By Chris Meehan | Feb 23, 2015
Salt Lake City, Utah
Salt Lake City, Utah (Crolles, France, is international headquarters)
Founded: Origins in 1968; brand started in 1973
Employees: 65 in U.S., about 700 worldwide
President Nazz Kurth is leading the climbing giant into new industries and markets in the Americas.
Founded by cave explorer Fernand Petzl in the 1970s, Petzl is one of the biggest names in verticality. When the French company looked for a location for its U.S. headquarters, it chose Utah.
"We chose Utah specifically for the abundant natural beauty that's here. It has amazing natural cliffs, canyons, where not only our customers recreate but also where our employees want to," says Kurth. He adds that Utah has a good business climate.
With a catalog spanning rock climbing, sport climbing, mountaineering, caving, and canyoneering tools, Petzl supplies several recreational markets. The broader industry is seeing changes, according to Kurth. On the sport side. "I think one thing that's driving climbing is that lots of people are introduced to climbing through gyms. There are a lot more rock climbing gyms than there used to be."
New technologies are coming into the market. This is evident in Petzl's Tikka headlamps, which is reactive to to the ambient lighting conditions. "It automatically dims down and changes the beams and output of distance depending on what you need," Kurth says.
Kurth says the company owns several factories in France and also works in other countries. "We have manufacturing in Malaysia, but like any global company we have lots of contractors all over the world."
North America is an important part of Petzl's business, but Kurth says the company sells into about 55 countries in all. "Petzl America is a wholly-owned subsidiary that covers the U.S. and Canada, parts of Latin America and a couple of other countries," he says.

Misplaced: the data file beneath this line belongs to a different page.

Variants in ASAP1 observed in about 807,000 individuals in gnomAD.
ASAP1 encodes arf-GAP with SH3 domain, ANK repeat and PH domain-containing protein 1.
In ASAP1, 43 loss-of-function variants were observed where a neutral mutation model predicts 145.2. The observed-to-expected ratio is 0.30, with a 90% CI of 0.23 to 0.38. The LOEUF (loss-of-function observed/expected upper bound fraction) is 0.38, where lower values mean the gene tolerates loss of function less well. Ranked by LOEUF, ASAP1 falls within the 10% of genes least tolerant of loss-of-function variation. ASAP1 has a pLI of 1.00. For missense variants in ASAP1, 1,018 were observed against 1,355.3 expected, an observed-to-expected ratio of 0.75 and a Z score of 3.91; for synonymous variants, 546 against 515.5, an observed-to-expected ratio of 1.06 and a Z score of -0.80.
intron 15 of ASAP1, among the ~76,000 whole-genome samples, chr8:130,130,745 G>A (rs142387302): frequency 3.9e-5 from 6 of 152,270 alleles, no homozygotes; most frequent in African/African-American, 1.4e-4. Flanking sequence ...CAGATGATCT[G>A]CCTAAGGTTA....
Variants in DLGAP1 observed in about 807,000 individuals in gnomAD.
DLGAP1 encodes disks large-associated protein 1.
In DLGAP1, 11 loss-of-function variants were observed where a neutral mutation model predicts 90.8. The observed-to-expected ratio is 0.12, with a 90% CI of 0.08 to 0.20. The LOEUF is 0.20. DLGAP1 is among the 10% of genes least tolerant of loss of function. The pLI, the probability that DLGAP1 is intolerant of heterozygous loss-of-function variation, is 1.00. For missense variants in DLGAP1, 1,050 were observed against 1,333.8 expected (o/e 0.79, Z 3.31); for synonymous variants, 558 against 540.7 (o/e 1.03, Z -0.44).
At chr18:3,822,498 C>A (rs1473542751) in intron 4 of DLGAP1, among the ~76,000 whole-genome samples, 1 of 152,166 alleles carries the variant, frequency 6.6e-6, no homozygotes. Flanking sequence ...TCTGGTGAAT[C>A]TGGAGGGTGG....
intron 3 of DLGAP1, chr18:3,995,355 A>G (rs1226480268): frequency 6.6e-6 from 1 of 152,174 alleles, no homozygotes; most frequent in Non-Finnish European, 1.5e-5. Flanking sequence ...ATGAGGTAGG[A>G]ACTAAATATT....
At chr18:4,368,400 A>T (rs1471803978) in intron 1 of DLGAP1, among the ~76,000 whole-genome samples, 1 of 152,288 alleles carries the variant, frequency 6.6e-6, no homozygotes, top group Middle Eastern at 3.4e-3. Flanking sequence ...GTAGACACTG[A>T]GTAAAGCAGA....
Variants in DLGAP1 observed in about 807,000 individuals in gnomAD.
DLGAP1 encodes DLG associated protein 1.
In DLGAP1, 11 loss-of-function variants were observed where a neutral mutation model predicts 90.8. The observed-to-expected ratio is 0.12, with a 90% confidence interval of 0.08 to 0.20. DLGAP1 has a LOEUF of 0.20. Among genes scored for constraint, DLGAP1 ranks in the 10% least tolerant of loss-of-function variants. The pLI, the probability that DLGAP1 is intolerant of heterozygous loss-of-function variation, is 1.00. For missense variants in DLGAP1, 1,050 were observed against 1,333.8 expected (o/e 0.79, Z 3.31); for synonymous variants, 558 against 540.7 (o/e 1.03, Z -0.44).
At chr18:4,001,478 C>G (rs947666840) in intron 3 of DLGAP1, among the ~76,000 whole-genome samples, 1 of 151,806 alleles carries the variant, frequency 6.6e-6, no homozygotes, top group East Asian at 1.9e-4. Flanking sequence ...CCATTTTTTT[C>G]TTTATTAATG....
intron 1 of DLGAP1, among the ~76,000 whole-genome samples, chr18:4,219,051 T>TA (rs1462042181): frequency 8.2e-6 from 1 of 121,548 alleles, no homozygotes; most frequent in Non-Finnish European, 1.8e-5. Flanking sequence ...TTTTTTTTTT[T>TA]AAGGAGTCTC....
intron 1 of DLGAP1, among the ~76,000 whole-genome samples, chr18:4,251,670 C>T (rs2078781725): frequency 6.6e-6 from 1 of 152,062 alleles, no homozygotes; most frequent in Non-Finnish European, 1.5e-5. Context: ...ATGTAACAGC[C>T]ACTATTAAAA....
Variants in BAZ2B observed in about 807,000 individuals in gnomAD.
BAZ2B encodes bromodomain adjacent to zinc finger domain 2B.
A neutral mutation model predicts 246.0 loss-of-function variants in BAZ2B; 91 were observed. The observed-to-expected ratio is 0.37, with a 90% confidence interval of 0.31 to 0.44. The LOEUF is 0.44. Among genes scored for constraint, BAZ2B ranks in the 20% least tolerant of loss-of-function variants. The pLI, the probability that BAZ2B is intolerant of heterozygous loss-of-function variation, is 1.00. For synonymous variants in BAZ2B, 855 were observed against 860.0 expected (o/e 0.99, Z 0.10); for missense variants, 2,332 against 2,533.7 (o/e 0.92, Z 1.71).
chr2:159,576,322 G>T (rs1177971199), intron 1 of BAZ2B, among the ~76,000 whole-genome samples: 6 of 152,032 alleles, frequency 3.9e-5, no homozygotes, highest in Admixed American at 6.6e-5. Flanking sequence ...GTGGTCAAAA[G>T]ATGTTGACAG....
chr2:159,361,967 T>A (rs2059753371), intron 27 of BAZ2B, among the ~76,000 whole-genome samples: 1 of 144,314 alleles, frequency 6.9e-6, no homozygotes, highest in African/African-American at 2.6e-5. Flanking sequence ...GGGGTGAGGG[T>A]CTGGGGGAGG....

Kurth has the autonomy to run Petzl in the Americas as he chooses. "Paul Petzl is very clear about that and it's great," he says. He recognizes that the U.S and Canada are not the same as Europe. We do things differently and he gives me and the team here freedom to do that."
Petzl established its U.S. headquarters in Clearfield, Utah, in 1999 but realized it needed more space and chose to buy land and build the new headquarters in Salt Lake City. "It had all the attributes we wanted," says Kurth, citing easy access to both UTA Trax and the interstates for shipping and commuting. "It all came together here. We're 10 minutes from the airport, 10 minutes from downtown -- it's a pretty great location."
The LEED Platinum-certified U.S. headquarters was completed in 2014. The state-of-the-art, 82,000-square-foot facility, includes a 40,000 square feet of office and collaboration space, 34,000 square feet of fully automated warehouse space, and an 8,000-square-foot technical training institute, including a 55-foot climbing wall.
"The climbing wall has two parts," Kurth says. "On one side it's a state-the-art competition, overhanging wall. The other is much more of a training platform. We're able to perform routes that demonstrate rescues as well as trainings."
The climbing wall is emblematic of Petzl's approach to verticality. While probably best known for its recreational gear, the company has a strong commitment to the professional side of verticality. This includes making gear for arborists, search and rescue personnel, firefighters, and tactical industries.
"Back in 2005, there was a flash-over event in New York City in the Bronx," Kurth explains. Firefighters were trapped on the fourth floor of a tenement and had to jump out the window; some died, others sustained massive injuries.
"The governor and mayor said in one year they wanted a personal escape device for every New York city firefighter," says Kurth. "In one year we came out with the EXO." It consists of a hook, a rope and a descender device, allowing firefighters to escape from a building when there are no other options.
The in-house training facility has a two-story EXO Tower, which has windows, piping, manholes, and other features to simulate firefighting and rescue operations using Petzl equipment.
Challenges: "There's always the challenge to make sure we've got the right product and the right amount and delivering it at the right time," Kurth says.
Opportunities: "Sport climbing is really growing and we're continuing to make sure we're on the leading edge," he adds. "We need to connect with those folks who are just being exposed to climbing. On the professional side, there's lots of usage for our products. We've got great relationships with fire and search and rescue teams,."
Needs: "Everybody wants and needs more sales," Kurth says. "Having folks recognize that climbing or working at height is inherently dangerous and being cognizant of that."